Skip Navigation
United States

Support Responsible Investment and Business Practices for Companies (US0104)

Overview

At-a-Glance

Action Plan: United States Action Plan 2015-2017

Action Plan Cycle: 2015

Status: Inactive

Institutions

Lead Institution: NA

Support Institution(s): NA

Policy Areas

Private Sector, Public Participation

IRM Review

IRM Report: United States End-of-Term IRM Report 2015-2017, United States Mid-Term Report 2015-2017

Starred: No

Early Results: Did Not Change

Design i

Verifiable: Yes

Relevant to OGP Values: Civic Participation

Potential Impact:

Implementation i

Completion:

Description

In September 2014, President Obama committed to work with the private sector and other stakeholders to develop a National Action Plan to promote and expand responsible business conduct. This effort marks the first time the U.S. Government has undertaken a whole-of-government process to focus, improve, and expand its efforts to promote responsible business conduct. Following robust consultation with stakeholders, the Administration expects to publish a Responsible Business Conduct National Action Plan by the end of 2016

IRM Midterm Status Summary

IRM End of Term Status Summary

Commitment 52. Support Responsible Investment and Business Practices for Companies

Commitment Text:

Consult with the Public on the Responsible Business Conduct National Action Plan

In September 2014, President Obama committed to work with the private sector and other stakeholders to develop a National Action Plan to promote and expand responsible business conduct. This effort marks the first time the U.S. Government has undertaken a whole-of-government process to focus, improve, and expand its efforts to promote responsible business conduct. Following robust consultation with stakeholders, the Administration expects to publish a Responsible Business Conduct National Action Plan by the end of 2016.

Responsible Institution: Not Specified

Supporting Institution: Not Specified

Start Date: Not Specified  End Date: Not Specified

Editorial Note: Completion at the midterm is not assessed for this commitment because it was submitted to OGP in September 2016 following the close of the midterm reporting period; progress for this commitment is therefore assessed from September 2016 onwards in the sections below.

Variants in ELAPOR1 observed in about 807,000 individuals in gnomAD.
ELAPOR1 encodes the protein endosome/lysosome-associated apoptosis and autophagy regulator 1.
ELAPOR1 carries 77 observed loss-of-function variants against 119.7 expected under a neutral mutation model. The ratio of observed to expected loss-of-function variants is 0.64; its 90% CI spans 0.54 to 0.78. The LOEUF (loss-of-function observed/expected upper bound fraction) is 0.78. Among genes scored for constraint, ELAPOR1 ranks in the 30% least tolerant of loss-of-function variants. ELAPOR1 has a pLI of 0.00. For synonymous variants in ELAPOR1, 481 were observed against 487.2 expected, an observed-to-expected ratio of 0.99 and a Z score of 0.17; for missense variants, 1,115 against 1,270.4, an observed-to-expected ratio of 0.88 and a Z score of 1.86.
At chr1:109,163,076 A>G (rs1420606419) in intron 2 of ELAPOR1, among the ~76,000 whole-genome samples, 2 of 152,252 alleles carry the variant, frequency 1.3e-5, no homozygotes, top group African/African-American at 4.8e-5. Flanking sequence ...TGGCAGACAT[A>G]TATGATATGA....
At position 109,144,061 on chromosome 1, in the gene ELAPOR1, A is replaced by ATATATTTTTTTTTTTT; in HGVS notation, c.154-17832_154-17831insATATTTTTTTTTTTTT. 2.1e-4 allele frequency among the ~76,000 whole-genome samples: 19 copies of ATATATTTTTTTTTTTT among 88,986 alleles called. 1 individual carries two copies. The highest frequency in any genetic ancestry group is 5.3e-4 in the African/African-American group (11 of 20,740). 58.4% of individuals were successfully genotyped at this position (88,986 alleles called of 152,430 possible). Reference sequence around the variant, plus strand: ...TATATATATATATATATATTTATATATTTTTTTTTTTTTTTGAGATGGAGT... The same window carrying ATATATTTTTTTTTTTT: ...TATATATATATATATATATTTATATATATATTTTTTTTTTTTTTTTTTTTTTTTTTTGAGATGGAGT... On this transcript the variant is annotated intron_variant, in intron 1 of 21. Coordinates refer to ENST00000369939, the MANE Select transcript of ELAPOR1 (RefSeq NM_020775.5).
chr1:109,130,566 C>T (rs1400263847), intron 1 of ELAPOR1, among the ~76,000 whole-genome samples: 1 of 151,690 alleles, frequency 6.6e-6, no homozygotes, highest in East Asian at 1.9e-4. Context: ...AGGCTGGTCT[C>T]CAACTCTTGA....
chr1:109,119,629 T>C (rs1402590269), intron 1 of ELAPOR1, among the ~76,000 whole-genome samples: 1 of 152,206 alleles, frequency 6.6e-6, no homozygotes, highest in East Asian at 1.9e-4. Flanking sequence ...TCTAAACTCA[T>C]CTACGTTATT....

Commitment Aim

This commitment aimed for the White House to work with the private sector and other stakeholders to develop a Responsible Business Conduct (RBC) national action plan (NAP), with the overall goal of promoting responsible business conduct. Per a speech delivered by President Obama announcing the plan’s development on 24 September 2014 at a meeting of the Open Government Partnership, [768] the plan is explicitly focused on promoting “responsible and transparent business conduct overseas.” As noted in an article appearing in Corporate Social Responsibility and the Law on 27 September 2014, “the United States had been under considerable pressure from civil society organizations and others to develop such a plan.” [769] This pressure is reflected in the stakeholder recommendations received from roughly 40 stakeholders, including academic institutions, civil society organizations, and individuals, that were collectively received as part of a public consultation process (see discussion in Completion section below) and posted independently on a plan-related website hosted by the International Corporate Accountability Roundtable (ICAR). [770]

The magnitude of interest in the proposed plan is reflective of growing interest in RBC more broadly among relevant stakeholders, in turn motivating the government’s development of the plan. As described in a web post by the US State Department, “the Administration has been focused for some time on a host of issues related to corporate conduct abroad…. In the course of this work, we have registered an uptick in interest and engagement on these issues by American businesses, non-governmental organizations, academics, faith groups, the media, and the public at large.” The post goes on to say that “The NAP is also an opportunity for the US government to explain what we expect of ourselves and reflect how US businesses inform our work globally with other governments, international organizations, and various stakeholder groups.” [771] The development of the proposed plan described in the commitment text takes place against this backdrop.

While the commitment has a well-defined deliverable, the scope of the issues to be addressed in the proposed national action plan, as well as the scope and methods of stakeholder consultation that will inform its development, are not described in the commitment. Collectively, these issues result in a coding of medium specificity for the commitment. Without knowing the expected content of the RBC national action plan or the proposed mechanisms for stakeholder consultation, it is not possible to anticipate that the commitment will have a major impact on open government if fully implemented. The commitment is relevant for the OGP value of civic participation given that the plan’s stakeholder consultation process is expected to provide opportunities for interested stakeholders to contribute to the plan’s development.